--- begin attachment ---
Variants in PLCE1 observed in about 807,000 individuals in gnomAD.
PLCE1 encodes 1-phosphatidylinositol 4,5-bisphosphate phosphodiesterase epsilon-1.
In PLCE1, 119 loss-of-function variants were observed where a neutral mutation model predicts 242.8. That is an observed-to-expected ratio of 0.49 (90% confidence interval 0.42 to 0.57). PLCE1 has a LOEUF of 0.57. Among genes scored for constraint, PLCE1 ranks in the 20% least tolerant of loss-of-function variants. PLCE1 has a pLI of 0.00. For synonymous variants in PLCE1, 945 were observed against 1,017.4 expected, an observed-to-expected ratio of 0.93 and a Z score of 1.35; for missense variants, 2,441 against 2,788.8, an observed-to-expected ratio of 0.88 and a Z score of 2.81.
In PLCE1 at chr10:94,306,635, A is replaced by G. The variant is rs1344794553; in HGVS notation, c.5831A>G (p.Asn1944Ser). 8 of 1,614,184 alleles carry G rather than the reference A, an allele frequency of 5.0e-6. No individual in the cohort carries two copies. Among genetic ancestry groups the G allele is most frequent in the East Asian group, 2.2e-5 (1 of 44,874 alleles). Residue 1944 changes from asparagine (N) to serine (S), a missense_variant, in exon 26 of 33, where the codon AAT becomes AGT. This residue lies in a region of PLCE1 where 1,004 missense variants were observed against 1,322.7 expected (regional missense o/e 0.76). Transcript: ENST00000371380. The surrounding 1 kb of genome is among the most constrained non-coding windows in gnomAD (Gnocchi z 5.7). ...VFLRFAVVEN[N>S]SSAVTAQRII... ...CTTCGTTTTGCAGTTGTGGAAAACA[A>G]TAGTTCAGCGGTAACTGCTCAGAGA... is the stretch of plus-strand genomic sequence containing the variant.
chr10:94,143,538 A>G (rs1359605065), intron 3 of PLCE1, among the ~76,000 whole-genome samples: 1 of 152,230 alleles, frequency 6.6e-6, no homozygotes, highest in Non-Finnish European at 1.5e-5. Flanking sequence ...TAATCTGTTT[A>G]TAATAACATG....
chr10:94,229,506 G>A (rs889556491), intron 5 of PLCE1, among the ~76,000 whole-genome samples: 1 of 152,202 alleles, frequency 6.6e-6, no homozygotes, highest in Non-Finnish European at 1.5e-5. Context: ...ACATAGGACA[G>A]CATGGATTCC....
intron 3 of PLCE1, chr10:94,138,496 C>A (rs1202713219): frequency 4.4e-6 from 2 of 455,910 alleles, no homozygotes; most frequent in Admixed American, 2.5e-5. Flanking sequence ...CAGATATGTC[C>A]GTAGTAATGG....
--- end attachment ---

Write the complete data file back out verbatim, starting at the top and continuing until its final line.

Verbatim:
Variants in PLCE1 observed in about 807,000 individuals in gnomAD.
PLCE1 encodes 1-phosphatidylinositol 4,5-bisphosphate phosphodiesterase epsilon-1.
In PLCE1, 119 loss-of-function variants were observed where a neutral mutation model predicts 242.8. That is an observed-to-expected ratio of 0.49 (90% confidence interval 0.42 to 0.57). PLCE1 has a LOEUF of 0.57. Among genes scored for constraint, PLCE1 ranks in the 20% least tolerant of loss-of-function variants. PLCE1 has a pLI of 0.00. For synonymous variants in PLCE1, 945 were observed against 1,017.4 expected, an observed-to-expected ratio of 0.93 and a Z score of 1.35; for missense variants, 2,441 against 2,788.8, an observed-to-expected ratio of 0.88 and a Z score of 2.81.
In PLCE1 at chr10:94,306,635, A is replaced by G. The variant is rs1344794553; in HGVS notation, c.5831A>G (p.Asn1944Ser). 8 of 1,614,184 alleles carry G rather than the reference A, an allele frequency of 5.0e-6. No individual in the cohort carries two copies. Among genetic ancestry groups the G allele is most frequent in the East Asian group, 2.2e-5 (1 of 44,874 alleles). Residue 1944 changes from asparagine (N) to serine (S), a missense_variant, in exon 26 of 33, where the codon AAT becomes AGT. This residue lies in a region of PLCE1 where 1,004 missense variants were observed against 1,322.7 expected (regional missense o/e 0.76). Transcript: ENST00000371380. The surrounding 1 kb of genome is among the most constrained non-coding windows in gnomAD (Gnocchi z 5.7). ...VFLRFAVVEN[N>S]SSAVTAQRII... ...CTTCGTTTTGCAGTTGTGGAAAACA[A>G]TAGTTCAGCGGTAACTGCTCAGAGA... is the stretch of plus-strand genomic sequence containing the variant.
chr10:94,143,538 A>G (rs1359605065), intron 3 of PLCE1, among the ~76,000 whole-genome samples: 1 of 152,230 alleles, frequency 6.6e-6, no homozygotes, highest in Non-Finnish European at 1.5e-5. Flanking sequence ...TAATCTGTTT[A>G]TAATAACATG....
chr10:94,229,506 G>A (rs889556491), intron 5 of PLCE1, among the ~76,000 whole-genome samples: 1 of 152,202 alleles, frequency 6.6e-6, no homozygotes, highest in Non-Finnish European at 1.5e-5. Context: ...ACATAGGACA[G>A]CATGGATTCC....
intron 3 of PLCE1, chr10:94,138,496 C>A (rs1202713219): frequency 4.4e-6 from 2 of 455,910 alleles, no homozygotes; most frequent in Admixed American, 2.5e-5. Flanking sequence ...CAGATATGTC[C>A]GTAGTAATGG....